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Don’t be distracted by gadgets in Vegas, real technology innovation is happening in software architecture
The world will watch on with marvel and amazement at the new gadgets and gizmos being displayed at the Consumer Electronics Show in Las Vegas last week. But don’t be fooled into thinking that technology innovation in 2018 is all connected cars, talking robots and face-recognition smartphones. Although those might be the physical representation of the work of thousands of engineers, the devices that will be revealed this week will look fairly similar to the ones in Christmas stockings in 11 months’ time. The constant evolution will be in the software developed to connect those devices, and the new forms of software engineering that will underpin the devices launched in 2019, 2020, 2021 and beyond.
Cloud computing has been a game changer for consumers and businesses across the globe over the past decade. However, this year we will see the market for cloud platforms compete on customer benefits rather than technology capability.
Few cloud platforms are pure technology platforms and could be more accurately described as application clouds delivering app-centric user experiences. The Apple iPhone pioneered this concept of an application cloud, and Salesforce adopted it for business with its Lightning com platform (aka Force.com) and AppExchange. Microsoft is taking Office 365 and elements of Azure in a similar direction, while Facebook and Google remain customer experience platform providers to watch.
The implication of this shift in 2018 is that platform choices in the cloud will only be partly driven by technology considerations; application clouds provide access to customers and markets. This becomes just as important a consideration for an ISV as the technological merits any given platform may provide.
Software used to be designed for a given technology platform, leveraging and extending the architectural features of the ‘stack’, resulting quite literally in monolithic software products. The shift to customer-centric ‘experience’ platforms makes this approach less attractive as it creates a dilemma. Implement an application on a particular platform, and it will only ever work in that environment; design in a monolithic fashion, and it will lack the architectural flexibility to embrace customer-experience platforms. Expect to see this debate played-out in software labs across the world this year.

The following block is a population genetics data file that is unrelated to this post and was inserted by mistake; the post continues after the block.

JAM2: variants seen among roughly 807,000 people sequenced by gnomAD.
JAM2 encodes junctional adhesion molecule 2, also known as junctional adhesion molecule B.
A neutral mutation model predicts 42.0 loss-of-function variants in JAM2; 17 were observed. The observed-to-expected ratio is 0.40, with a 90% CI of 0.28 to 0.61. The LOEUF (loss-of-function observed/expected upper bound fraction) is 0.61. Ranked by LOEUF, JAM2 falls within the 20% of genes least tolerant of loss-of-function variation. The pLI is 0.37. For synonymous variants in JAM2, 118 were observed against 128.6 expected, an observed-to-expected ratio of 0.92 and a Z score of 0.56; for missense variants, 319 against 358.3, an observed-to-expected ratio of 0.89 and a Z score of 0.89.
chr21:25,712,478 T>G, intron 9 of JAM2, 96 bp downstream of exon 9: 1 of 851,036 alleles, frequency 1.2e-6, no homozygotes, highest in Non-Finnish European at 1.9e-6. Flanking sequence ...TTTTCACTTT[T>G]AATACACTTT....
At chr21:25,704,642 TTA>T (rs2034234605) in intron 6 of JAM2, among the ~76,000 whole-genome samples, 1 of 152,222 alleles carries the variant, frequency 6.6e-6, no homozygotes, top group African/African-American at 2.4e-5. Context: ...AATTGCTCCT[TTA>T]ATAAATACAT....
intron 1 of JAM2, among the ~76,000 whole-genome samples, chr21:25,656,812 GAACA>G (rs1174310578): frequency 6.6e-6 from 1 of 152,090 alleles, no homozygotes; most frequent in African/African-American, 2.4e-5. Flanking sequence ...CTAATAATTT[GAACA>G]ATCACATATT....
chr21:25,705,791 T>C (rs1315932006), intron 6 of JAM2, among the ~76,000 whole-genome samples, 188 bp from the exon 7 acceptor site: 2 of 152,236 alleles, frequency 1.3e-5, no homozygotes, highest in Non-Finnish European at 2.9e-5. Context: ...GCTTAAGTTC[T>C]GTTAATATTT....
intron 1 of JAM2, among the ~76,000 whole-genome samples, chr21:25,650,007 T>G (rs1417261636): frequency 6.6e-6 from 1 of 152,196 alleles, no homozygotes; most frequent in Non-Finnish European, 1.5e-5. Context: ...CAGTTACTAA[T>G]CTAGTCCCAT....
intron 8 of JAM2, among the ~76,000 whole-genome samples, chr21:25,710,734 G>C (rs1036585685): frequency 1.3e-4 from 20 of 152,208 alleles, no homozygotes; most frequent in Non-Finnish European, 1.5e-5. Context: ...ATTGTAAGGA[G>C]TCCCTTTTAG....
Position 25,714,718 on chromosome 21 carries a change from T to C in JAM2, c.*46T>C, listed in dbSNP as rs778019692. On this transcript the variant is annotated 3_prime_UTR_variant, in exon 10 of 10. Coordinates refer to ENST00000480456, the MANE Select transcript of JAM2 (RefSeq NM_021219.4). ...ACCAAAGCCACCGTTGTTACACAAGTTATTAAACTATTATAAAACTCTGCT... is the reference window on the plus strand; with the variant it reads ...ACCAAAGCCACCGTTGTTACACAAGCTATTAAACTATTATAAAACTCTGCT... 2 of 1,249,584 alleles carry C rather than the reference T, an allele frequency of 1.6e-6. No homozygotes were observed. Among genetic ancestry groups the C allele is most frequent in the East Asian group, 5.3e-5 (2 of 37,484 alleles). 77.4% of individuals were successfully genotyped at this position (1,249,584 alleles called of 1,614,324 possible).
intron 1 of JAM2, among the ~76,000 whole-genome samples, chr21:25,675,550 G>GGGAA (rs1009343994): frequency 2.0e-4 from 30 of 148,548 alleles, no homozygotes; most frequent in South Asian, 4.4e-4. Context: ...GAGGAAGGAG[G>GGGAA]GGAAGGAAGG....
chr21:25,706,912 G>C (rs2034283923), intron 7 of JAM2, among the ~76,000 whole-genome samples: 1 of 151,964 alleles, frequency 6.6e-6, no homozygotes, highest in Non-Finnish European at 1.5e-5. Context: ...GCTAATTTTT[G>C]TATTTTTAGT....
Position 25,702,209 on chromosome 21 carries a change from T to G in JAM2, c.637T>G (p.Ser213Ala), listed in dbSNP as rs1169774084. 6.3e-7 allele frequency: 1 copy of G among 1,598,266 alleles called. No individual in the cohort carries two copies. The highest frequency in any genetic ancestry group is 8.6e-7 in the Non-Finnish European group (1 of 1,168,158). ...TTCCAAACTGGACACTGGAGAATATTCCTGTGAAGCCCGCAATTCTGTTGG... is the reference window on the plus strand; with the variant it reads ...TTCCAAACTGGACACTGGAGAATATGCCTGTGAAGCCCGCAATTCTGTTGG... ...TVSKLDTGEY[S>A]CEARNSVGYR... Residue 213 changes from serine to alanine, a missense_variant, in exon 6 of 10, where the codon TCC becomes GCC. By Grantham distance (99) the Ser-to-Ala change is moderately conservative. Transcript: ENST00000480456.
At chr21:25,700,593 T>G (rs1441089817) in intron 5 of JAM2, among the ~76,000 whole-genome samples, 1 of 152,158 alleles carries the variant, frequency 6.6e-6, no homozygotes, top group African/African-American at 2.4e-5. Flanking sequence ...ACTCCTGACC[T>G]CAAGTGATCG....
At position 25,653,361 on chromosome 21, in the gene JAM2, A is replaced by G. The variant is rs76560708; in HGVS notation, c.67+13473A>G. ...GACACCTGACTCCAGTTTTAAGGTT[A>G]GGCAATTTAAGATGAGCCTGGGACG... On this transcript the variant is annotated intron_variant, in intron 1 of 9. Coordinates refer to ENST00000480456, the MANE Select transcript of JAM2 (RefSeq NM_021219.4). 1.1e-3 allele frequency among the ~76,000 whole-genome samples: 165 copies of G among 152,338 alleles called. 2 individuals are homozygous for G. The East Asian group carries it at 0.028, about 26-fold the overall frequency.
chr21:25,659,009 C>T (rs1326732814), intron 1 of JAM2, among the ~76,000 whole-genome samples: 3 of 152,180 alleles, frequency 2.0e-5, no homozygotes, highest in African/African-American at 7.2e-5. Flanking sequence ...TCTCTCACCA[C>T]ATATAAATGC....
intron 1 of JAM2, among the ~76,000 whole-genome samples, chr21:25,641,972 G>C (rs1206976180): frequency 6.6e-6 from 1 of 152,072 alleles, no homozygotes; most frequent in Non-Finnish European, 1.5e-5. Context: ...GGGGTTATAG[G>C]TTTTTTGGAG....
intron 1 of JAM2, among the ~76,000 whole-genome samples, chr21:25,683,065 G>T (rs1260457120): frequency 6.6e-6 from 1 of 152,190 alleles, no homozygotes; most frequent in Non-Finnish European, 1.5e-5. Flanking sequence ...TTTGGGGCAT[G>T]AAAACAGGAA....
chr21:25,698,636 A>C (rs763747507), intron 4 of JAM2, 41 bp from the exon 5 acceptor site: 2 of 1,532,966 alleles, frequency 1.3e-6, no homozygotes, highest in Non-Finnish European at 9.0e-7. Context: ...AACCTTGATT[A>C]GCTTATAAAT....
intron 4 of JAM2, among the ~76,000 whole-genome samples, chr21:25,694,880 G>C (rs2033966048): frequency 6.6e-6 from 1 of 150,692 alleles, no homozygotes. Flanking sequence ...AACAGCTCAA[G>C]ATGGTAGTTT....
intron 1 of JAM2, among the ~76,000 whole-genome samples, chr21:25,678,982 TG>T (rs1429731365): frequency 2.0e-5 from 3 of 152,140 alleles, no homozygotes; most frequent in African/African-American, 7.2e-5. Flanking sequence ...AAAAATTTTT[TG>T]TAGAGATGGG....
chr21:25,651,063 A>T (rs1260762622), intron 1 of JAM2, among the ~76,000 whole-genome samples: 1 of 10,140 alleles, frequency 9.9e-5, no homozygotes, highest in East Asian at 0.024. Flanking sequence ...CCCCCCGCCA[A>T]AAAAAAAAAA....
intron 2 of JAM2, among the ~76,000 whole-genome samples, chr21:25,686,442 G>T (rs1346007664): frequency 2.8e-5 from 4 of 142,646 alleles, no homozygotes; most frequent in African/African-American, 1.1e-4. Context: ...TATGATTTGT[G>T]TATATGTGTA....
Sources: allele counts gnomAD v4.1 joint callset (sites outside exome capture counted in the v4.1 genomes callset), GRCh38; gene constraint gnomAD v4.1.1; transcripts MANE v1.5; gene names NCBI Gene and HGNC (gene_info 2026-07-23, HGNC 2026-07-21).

This shift away from monolithic architectures is being driven by the mass migration towards application programming interface, or ‘API-fication’ and microservice architecture. API-fication is an architectural approach that enables the creation of interfaces between two software products to allow users to access additional the features or data. Microservices is an architectural approach that revolves around disassembling an application into a set of independent services that are developed, deployed, and maintained separately.
In the long-run, technology will abandon the notion of a product completely and switch to an architecture that is made up entirely of microservices, similar to how Amazon originally envisaged reassembling its Amazon.com e-commerce application with Amazon Web Services building blocks.
Microservices require infrastructure to operate in a layer typically referred to as ‘platform as a service’ (PaaS). 2018 will see a generational shift in PaaS to ‘serverless’ environments, a technology in which the cloud provider dynamically manages the allocation of machine resources. Serverless applications do not require the provisioning, scaling, and management of any servers, and pricing is based on the actual processing consumed not on capacity provisioned. Amazon Lambda and Microsoft Azure Functions are two leading examples of this technology. Serverless, event-driven programming models are set to revolutionise software architecture; it is the secret sauce behind many of the headline-grabbing technology exhibits in Vegas. Yet it is not without controversy; one market observer noted that "serverless is one of the worst forms of proprietary lock-in that we've ever seen in the history of humanity". Strong words perhaps, but it illustrates the force of change sweeping through the software world.
In the past, computer distributors played a vital role in pushing discrete technology building blocks like operating systems and productivity software into the market on which ISV applications depended. In the future, the seams between customer solution and platform will be less recognisable and consequently the ISV will assume a greater share of the value chain.
All of this helps make technology smarter, more connected and of greater value to the users.